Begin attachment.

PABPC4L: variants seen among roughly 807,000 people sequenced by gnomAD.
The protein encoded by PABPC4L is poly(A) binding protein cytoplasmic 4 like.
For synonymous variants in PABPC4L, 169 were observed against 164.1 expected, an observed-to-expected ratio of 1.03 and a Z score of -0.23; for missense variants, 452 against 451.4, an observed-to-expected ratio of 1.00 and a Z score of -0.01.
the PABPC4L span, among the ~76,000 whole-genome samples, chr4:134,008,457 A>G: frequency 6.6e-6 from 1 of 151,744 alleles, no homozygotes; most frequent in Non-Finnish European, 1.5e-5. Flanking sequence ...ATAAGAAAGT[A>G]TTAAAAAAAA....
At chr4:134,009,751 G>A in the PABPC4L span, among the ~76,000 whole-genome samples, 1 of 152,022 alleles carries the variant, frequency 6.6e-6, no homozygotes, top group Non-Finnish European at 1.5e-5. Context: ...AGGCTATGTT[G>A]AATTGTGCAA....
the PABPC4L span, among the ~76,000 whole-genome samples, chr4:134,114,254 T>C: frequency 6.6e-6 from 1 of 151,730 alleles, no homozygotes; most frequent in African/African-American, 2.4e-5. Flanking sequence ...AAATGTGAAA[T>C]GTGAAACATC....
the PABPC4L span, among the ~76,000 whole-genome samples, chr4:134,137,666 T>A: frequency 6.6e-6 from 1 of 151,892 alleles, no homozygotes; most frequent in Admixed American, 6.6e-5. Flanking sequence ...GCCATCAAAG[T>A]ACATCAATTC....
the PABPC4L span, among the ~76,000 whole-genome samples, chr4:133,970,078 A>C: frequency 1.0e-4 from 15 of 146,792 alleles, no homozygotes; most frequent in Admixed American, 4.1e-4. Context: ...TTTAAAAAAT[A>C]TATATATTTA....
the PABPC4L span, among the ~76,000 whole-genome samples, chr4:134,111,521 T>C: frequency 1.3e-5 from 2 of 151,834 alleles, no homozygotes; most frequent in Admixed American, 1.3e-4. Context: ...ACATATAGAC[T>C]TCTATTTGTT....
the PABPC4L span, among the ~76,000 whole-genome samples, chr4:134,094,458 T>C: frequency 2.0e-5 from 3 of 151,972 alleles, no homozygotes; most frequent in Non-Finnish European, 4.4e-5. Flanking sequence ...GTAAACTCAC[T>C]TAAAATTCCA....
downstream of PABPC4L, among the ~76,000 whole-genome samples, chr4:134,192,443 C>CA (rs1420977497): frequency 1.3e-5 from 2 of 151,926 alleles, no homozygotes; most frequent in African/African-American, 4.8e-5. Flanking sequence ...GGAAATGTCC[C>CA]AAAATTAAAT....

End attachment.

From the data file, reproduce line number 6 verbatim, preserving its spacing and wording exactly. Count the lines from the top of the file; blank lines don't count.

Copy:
the PABPC4L span, among the ~76,000 whole-genome samples, chr4:134,114,254 T>C: frequency 6.6e-6 from 1 of 151,730 alleles, no homozygotes; most frequent in African/African-American, 2.4e-5. Flanking sequence ...AAATGTGAAA[T>C]GTGAAACATC....